Thanksgiving celebration takes a vegan twist

Vegans met at Seventh Day Adventist Church for a meat-free Thanksgiving dinner organized by the Public Eye. While some were feasting with their families on Thanksgiving Day, a select few decided to engage in a

Vegans met at Seventh Day Adventist Church for a meat-free Thanksgiving dinner organized by the Public Eye.

While some were feasting with their families on Thanksgiving Day, a select few decided to engage in a less meaty tradition. A group met at the Seventh Day Adventist Church in Chestnut Hill to begin its second annual vegan Thanksgiving.

“There are a lot of vegan Thanksgivings now,” said Lisa Levinson, event organizer and member of Public Eye. “It’s a trend that’s increasing because there are people who want to celebrate the holidays in a way that’s not objective to their beliefs.”

The dinner was held by Public Eye, a Philadelphia-area group that holds events featuring the arts and focuses on the interactions between human and nonhuman animals, and by the Vegan Spirituality Group, a group of people who get together to discuss the positives of veganism.

“It all started about three years ago,” Levinson said of the group. “We met once a month and began a potluck and discussion group. We decided on a retreat to focus on the question–what does vegan spirituality mean? And we had guided meditation and hiking and after the first retreat, one of the members decided on a dinner to see one another before the following year, so we decided to get together for Thanksgiving.”

The dinner has also garnered a lot of positive feedback and outcomes according to Levinson.

“Very, very positive feedback,” the seven-year vegan said. “Last year, a lot of people returned and even a family from Vermont visited.”

The dinner began at 4 p.m. and was held in a room in the church. After a few minutes of setting up the tables with tablecloths and adding a long one to showcase the food, the dinner began. A number of people, including couples and families, attended and each brought a dish.

“I initially became a vegan because there was just something in me that just made me hate meat,” Romelle Johnson, an 11-year vegan and member of the Vegan Spirituality Group, said.

“It was always conflicting to me that my mother fried chicken and fortunately she never made me eat it. One day I decided I’m just not gonna eat it anymore, so I didn’t.”

Johnson also addressed the health benefits of veganism.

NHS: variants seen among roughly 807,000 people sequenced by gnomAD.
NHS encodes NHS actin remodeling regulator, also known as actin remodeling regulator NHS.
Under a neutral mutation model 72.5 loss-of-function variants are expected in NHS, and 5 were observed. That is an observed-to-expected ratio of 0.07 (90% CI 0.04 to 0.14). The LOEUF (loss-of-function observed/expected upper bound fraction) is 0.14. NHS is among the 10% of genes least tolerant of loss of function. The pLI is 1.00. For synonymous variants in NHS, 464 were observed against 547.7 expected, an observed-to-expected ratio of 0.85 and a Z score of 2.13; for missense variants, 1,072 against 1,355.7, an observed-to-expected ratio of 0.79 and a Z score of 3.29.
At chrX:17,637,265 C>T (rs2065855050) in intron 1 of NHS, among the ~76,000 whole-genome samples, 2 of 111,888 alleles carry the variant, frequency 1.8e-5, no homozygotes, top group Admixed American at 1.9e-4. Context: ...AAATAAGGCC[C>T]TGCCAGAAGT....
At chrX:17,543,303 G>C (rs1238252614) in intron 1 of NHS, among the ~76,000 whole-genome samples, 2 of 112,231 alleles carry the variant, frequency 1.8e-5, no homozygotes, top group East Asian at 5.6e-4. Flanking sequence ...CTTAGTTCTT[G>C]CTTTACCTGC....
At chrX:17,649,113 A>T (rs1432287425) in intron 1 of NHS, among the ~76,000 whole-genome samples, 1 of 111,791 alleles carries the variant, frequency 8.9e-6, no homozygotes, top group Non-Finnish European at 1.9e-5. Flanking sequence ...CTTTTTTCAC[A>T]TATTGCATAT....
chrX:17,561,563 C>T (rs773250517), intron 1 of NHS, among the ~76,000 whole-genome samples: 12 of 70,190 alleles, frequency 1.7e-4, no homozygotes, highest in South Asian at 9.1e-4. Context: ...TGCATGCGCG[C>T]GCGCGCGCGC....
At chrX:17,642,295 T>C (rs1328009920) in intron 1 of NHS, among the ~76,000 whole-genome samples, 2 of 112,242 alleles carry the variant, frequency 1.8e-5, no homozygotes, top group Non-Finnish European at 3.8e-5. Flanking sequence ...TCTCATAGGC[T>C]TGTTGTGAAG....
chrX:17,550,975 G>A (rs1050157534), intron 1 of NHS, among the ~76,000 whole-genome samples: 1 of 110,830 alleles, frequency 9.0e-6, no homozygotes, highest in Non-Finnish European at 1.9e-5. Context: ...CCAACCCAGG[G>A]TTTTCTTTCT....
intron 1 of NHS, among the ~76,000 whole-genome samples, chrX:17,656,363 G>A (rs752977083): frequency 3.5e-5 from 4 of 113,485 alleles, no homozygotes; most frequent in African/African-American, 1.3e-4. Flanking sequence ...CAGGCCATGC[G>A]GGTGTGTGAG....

“Since I have become a vegan, I haven’t had weight problems or problems with my gallbladder like I used to,” Johnson said. “Before I began being a vegan, I was on three or four heart medications and now I’m only on one or two.”

Sandi Herman, another member of the Vegan Spirituality group, also spoke about how she loved veganism and the physical and emotional benefits of it.

“I feel like this is the best thing I ever did and I just feel so much better in my heart and spirit,” Herman said, who has been vegan for 24 years.

“I ate more dairy when I became a vegetarian because I didn’t know what to do with

myself,” Herman said. “I really learned a lot more about food when I became one [a vegan].”

Another member of the group, Andrea Dade, also cited health benefits as a reason she decided to become a vegan.

“I have been one since about ’06 and before that, I was doing seafood since ‘02,” Andrea said. “I did it because of many health reasons and just to eat in a way that made sense and I wanted to know what I was eating. I wanted to make choices for myself.”

Each of these women prepared a dish for the meal. Johnson made roasted beets with Hawaiian sea salt and Dade made southern chinese fusion of collard greens, red onions and garlic.

Other dishes at the dinner included roasted brussels sprouts, mashed potatoes with yeast and peppers, Tofurky with vegan gravy, lemon tofu, sweet potatoes and vegan cornbread.

After Levinson went to the microphone at the top of the room and introduced the dinner, people wasted no time grabbing plates and circulating the table to get their food. As people grabbed their food, members handed out papers featuring the Vegan Serenity Prayer and song that would be sung later in the dinner.

Johnson spoke about her work at the John Heins Refuge for Animals and the safety of the uneaten turkeys.

“They’re fat, happy, juicy and protected,” Johnson said.

Alexsia Brown can be reached at

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